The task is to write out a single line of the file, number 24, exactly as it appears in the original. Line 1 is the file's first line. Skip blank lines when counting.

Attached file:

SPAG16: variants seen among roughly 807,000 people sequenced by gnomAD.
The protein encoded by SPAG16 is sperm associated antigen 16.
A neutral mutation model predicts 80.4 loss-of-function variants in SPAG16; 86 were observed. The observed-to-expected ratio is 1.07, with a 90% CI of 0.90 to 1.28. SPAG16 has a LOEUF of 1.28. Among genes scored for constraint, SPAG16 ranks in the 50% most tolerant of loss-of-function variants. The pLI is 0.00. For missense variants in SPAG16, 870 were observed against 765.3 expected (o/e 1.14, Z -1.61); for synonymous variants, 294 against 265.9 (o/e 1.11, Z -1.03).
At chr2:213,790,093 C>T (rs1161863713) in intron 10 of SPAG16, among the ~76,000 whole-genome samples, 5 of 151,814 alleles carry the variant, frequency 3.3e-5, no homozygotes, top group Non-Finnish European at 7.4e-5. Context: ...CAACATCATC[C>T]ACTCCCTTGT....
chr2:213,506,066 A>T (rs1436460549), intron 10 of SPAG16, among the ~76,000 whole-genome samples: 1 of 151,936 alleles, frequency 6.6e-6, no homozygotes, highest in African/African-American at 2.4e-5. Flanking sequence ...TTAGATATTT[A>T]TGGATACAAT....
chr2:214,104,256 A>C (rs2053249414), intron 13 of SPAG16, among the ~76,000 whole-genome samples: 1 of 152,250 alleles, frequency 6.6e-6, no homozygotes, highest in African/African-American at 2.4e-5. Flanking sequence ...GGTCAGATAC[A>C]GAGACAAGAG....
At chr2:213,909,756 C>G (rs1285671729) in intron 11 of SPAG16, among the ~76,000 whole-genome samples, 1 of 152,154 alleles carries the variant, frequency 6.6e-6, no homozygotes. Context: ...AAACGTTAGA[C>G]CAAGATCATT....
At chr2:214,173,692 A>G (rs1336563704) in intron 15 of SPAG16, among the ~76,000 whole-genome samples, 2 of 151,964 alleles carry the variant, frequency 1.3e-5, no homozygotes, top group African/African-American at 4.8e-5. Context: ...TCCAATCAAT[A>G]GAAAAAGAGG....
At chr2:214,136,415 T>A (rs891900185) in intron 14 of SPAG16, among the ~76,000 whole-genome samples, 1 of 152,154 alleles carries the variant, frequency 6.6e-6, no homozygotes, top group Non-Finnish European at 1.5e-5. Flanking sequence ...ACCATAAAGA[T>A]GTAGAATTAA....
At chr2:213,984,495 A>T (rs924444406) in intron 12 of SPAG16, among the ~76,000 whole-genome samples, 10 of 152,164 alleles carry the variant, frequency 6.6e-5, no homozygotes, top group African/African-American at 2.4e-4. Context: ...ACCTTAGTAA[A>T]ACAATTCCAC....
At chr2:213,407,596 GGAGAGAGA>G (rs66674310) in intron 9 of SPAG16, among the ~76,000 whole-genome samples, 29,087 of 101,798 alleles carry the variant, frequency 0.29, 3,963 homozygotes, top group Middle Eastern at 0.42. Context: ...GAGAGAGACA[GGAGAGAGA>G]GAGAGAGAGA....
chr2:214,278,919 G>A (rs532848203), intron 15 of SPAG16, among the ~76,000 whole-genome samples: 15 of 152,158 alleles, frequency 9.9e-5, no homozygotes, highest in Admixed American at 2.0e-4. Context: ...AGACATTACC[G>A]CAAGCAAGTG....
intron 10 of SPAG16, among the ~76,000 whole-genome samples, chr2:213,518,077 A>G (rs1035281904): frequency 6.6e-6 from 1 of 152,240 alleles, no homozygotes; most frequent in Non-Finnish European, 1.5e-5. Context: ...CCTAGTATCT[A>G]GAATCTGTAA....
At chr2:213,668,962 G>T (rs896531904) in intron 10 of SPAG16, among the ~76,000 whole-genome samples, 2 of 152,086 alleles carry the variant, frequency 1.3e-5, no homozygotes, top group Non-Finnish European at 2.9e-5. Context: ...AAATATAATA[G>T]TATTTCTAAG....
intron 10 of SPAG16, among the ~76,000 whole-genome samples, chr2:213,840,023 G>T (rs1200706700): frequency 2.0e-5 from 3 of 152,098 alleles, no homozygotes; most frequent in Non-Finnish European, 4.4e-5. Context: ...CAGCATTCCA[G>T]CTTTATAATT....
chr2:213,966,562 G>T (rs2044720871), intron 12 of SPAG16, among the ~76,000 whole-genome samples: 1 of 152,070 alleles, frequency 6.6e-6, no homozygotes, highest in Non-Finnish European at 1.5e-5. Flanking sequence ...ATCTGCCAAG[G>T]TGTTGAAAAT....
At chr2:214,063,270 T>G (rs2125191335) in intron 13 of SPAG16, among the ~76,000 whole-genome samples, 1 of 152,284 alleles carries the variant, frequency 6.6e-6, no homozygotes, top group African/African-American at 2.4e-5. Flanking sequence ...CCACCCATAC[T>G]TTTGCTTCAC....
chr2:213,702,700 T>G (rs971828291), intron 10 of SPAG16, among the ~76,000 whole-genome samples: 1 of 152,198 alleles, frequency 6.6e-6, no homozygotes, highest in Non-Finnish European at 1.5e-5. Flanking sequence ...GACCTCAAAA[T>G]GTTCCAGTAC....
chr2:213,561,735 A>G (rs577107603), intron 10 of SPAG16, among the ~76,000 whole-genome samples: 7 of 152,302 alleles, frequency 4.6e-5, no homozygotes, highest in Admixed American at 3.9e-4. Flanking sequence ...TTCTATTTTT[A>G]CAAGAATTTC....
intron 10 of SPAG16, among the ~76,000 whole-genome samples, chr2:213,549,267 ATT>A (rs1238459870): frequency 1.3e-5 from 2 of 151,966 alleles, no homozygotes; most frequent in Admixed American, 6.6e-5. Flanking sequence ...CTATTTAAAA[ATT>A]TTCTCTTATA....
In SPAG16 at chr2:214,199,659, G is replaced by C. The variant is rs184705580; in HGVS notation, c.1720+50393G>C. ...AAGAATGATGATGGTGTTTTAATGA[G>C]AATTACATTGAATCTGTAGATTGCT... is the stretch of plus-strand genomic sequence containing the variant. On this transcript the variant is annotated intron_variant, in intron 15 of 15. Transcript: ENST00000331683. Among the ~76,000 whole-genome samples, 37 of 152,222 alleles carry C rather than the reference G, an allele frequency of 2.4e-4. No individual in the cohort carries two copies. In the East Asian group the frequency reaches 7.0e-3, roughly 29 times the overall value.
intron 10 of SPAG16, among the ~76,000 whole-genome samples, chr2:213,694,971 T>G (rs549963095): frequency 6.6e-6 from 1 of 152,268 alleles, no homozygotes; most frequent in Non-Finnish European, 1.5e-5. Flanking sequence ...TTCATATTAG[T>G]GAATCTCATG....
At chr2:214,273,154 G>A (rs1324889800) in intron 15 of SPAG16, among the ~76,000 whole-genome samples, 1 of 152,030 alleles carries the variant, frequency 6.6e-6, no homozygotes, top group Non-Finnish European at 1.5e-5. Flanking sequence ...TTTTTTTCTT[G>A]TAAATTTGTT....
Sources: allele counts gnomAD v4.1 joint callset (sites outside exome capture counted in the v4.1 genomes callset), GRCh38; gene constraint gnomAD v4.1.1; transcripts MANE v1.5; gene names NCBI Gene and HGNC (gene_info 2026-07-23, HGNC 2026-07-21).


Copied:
Sources: allele counts gnomAD v4.1 joint callset (sites outside exome capture counted in the v4.1 genomes callset), GRCh38; gene constraint gnomAD v4.1.1; transcripts MANE v1.5; gene names NCBI Gene and HGNC (gene_info 2026-07-23, HGNC 2026-07-21).